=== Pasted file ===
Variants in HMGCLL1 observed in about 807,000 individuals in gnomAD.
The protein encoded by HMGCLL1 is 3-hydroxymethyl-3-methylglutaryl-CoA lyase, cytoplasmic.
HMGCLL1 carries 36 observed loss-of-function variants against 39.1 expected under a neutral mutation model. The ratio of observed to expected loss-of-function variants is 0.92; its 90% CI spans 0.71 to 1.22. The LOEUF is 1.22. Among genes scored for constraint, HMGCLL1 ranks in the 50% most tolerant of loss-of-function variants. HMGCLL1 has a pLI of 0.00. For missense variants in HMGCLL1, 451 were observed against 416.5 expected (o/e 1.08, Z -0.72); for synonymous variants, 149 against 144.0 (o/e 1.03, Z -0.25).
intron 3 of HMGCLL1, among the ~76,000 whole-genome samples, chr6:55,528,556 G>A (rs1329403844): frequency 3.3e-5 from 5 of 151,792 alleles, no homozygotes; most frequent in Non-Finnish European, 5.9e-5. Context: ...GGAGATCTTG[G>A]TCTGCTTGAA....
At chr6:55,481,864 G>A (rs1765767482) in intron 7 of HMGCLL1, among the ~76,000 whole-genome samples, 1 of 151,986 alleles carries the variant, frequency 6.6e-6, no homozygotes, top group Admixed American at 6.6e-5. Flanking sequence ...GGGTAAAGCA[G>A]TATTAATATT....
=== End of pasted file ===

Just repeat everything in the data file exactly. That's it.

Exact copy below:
Variants in HMGCLL1 observed in about 807,000 individuals in gnomAD.
The protein encoded by HMGCLL1 is 3-hydroxymethyl-3-methylglutaryl-CoA lyase, cytoplasmic.
HMGCLL1 carries 36 observed loss-of-function variants against 39.1 expected under a neutral mutation model. The ratio of observed to expected loss-of-function variants is 0.92; its 90% CI spans 0.71 to 1.22. The LOEUF is 1.22. Among genes scored for constraint, HMGCLL1 ranks in the 50% most tolerant of loss-of-function variants. HMGCLL1 has a pLI of 0.00. For missense variants in HMGCLL1, 451 were observed against 416.5 expected (o/e 1.08, Z -0.72); for synonymous variants, 149 against 144.0 (o/e 1.03, Z -0.25).
intron 3 of HMGCLL1, among the ~76,000 whole-genome samples, chr6:55,528,556 G>A (rs1329403844): frequency 3.3e-5 from 5 of 151,792 alleles, no homozygotes; most frequent in Non-Finnish European, 5.9e-5. Context: ...GGAGATCTTG[G>A]TCTGCTTGAA....
At chr6:55,481,864 G>A (rs1765767482) in intron 7 of HMGCLL1, among the ~76,000 whole-genome samples, 1 of 151,986 alleles carries the variant, frequency 6.6e-6, no homozygotes, top group Admixed American at 6.6e-5. Flanking sequence ...GGGTAAAGCA[G>A]TATTAATATT....